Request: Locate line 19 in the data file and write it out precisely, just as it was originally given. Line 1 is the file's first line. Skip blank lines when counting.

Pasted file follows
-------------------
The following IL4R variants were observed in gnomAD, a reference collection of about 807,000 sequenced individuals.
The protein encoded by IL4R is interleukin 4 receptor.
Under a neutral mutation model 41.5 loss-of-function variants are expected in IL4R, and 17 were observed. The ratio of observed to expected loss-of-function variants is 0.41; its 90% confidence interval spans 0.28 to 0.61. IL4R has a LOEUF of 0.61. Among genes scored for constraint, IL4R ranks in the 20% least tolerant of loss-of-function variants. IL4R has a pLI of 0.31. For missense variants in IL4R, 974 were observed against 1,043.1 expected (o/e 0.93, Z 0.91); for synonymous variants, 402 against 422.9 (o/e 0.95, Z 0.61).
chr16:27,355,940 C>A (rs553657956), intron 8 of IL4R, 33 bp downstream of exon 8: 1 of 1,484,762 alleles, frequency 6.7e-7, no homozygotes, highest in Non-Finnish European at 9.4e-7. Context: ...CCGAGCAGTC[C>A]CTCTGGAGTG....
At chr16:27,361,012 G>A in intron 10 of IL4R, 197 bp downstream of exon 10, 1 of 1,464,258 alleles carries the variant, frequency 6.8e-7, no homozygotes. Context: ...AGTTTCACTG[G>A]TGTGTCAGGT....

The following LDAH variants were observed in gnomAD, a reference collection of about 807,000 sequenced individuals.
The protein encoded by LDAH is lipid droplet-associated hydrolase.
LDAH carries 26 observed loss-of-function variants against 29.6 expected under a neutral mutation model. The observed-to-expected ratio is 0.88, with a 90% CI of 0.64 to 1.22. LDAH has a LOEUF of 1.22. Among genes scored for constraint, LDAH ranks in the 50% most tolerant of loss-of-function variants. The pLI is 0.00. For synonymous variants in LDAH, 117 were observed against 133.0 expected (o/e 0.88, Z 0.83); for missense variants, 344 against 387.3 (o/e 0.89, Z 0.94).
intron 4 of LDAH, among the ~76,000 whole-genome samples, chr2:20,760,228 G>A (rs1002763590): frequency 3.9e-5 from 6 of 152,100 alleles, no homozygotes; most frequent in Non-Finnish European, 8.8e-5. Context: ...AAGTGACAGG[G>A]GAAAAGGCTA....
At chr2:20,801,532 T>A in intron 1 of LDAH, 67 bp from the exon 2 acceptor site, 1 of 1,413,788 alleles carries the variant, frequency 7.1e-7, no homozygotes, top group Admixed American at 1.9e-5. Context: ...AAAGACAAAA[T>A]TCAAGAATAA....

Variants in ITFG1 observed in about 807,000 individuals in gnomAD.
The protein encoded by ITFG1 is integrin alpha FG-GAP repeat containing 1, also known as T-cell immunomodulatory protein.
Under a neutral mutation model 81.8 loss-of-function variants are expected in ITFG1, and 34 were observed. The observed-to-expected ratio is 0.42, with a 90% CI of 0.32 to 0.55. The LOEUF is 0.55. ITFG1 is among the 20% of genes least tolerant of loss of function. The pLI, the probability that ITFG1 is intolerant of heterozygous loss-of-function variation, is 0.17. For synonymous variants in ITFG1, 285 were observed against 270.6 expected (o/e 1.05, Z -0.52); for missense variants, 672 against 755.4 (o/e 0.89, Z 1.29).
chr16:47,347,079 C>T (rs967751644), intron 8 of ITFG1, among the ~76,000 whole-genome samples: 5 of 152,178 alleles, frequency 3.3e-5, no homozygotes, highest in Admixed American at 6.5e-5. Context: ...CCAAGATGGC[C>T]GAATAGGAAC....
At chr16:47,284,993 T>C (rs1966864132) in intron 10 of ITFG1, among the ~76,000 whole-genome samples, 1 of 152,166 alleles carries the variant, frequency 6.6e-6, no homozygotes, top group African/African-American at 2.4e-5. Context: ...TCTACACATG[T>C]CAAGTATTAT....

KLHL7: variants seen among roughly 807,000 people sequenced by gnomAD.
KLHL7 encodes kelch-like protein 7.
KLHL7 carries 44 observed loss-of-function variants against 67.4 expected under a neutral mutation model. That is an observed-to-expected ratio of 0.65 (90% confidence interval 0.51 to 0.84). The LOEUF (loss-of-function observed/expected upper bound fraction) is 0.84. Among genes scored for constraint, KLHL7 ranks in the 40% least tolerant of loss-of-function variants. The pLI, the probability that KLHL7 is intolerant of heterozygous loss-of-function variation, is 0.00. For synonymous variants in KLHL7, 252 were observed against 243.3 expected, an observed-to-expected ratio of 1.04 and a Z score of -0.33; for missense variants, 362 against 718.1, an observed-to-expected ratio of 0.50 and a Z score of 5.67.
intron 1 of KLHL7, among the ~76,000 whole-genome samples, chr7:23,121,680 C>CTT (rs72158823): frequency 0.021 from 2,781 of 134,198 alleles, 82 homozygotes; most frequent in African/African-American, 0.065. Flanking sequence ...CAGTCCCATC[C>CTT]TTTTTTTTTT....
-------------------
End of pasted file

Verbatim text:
intron 1 of KLHL7, among the ~76,000 whole-genome samples, chr7:23,121,680 C>CTT (rs72158823): frequency 0.021 from 2,781 of 134,198 alleles, 82 homozygotes; most frequent in African/African-American, 0.065. Flanking sequence ...CAGTCCCATC[C>CTT]TTTTTTTTTT....